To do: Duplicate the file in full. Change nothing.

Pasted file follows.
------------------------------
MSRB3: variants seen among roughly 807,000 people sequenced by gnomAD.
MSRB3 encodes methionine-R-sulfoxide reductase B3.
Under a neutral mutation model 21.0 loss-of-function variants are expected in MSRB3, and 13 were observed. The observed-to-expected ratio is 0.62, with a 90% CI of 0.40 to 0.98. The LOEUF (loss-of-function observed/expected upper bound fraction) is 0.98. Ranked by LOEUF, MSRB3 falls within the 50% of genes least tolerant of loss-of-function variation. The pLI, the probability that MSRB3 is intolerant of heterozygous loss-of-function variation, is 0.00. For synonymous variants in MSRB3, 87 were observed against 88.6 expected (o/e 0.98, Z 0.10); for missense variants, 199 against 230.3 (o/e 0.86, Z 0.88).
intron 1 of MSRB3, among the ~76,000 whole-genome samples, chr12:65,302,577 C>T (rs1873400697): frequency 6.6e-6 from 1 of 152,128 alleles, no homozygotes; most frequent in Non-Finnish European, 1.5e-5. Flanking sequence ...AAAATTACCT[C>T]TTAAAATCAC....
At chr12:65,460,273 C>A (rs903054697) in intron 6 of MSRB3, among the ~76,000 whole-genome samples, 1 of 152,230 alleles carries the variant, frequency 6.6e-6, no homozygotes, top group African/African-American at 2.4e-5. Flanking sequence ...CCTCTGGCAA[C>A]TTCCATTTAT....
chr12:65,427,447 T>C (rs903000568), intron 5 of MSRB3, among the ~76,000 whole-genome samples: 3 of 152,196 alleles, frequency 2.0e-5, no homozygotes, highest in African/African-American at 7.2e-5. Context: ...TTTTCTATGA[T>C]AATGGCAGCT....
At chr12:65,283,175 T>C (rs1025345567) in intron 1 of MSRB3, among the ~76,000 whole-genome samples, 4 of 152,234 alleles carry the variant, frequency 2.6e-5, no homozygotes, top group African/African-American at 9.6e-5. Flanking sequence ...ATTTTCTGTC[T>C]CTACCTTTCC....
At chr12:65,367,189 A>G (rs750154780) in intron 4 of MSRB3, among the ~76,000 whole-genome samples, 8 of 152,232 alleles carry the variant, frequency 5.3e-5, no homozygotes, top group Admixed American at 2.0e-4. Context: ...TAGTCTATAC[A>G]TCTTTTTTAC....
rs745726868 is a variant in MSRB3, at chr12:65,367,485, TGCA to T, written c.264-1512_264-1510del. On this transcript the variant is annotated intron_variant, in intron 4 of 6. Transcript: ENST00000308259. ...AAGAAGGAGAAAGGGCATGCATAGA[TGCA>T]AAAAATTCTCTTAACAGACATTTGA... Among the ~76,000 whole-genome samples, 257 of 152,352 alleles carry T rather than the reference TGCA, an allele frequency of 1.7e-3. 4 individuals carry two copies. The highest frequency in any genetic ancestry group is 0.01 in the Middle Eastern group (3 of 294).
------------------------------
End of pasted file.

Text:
MSRB3: variants seen among roughly 807,000 people sequenced by gnomAD.
MSRB3 encodes methionine-R-sulfoxide reductase B3.
Under a neutral mutation model 21.0 loss-of-function variants are expected in MSRB3, and 13 were observed. The observed-to-expected ratio is 0.62, with a 90% CI of 0.40 to 0.98. The LOEUF (loss-of-function observed/expected upper bound fraction) is 0.98. Ranked by LOEUF, MSRB3 falls within the 50% of genes least tolerant of loss-of-function variation. The pLI, the probability that MSRB3 is intolerant of heterozygous loss-of-function variation, is 0.00. For synonymous variants in MSRB3, 87 were observed against 88.6 expected (o/e 0.98, Z 0.10); for missense variants, 199 against 230.3 (o/e 0.86, Z 0.88).
intron 1 of MSRB3, among the ~76,000 whole-genome samples, chr12:65,302,577 C>T (rs1873400697): frequency 6.6e-6 from 1 of 152,128 alleles, no homozygotes; most frequent in Non-Finnish European, 1.5e-5. Flanking sequence ...AAAATTACCT[C>T]TTAAAATCAC....
At chr12:65,460,273 C>A (rs903054697) in intron 6 of MSRB3, among the ~76,000 whole-genome samples, 1 of 152,230 alleles carries the variant, frequency 6.6e-6, no homozygotes, top group African/African-American at 2.4e-5. Flanking sequence ...CCTCTGGCAA[C>A]TTCCATTTAT....
chr12:65,427,447 T>C (rs903000568), intron 5 of MSRB3, among the ~76,000 whole-genome samples: 3 of 152,196 alleles, frequency 2.0e-5, no homozygotes, highest in African/African-American at 7.2e-5. Context: ...TTTTCTATGA[T>C]AATGGCAGCT....
At chr12:65,283,175 T>C (rs1025345567) in intron 1 of MSRB3, among the ~76,000 whole-genome samples, 4 of 152,234 alleles carry the variant, frequency 2.6e-5, no homozygotes, top group African/African-American at 9.6e-5. Flanking sequence ...ATTTTCTGTC[T>C]CTACCTTTCC....
At chr12:65,367,189 A>G (rs750154780) in intron 4 of MSRB3, among the ~76,000 whole-genome samples, 8 of 152,232 alleles carry the variant, frequency 5.3e-5, no homozygotes, top group Admixed American at 2.0e-4. Context: ...TAGTCTATAC[A>G]TCTTTTTTAC....
rs745726868 is a variant in MSRB3, at chr12:65,367,485, TGCA to T, written c.264-1512_264-1510del. On this transcript the variant is annotated intron_variant, in intron 4 of 6. Transcript: ENST00000308259. ...AAGAAGGAGAAAGGGCATGCATAGA[TGCA>T]AAAAATTCTCTTAACAGACATTTGA... Among the ~76,000 whole-genome samples, 257 of 152,352 alleles carry T rather than the reference TGCA, an allele frequency of 1.7e-3. 4 individuals carry two copies. The highest frequency in any genetic ancestry group is 0.01 in the Middle Eastern group (3 of 294).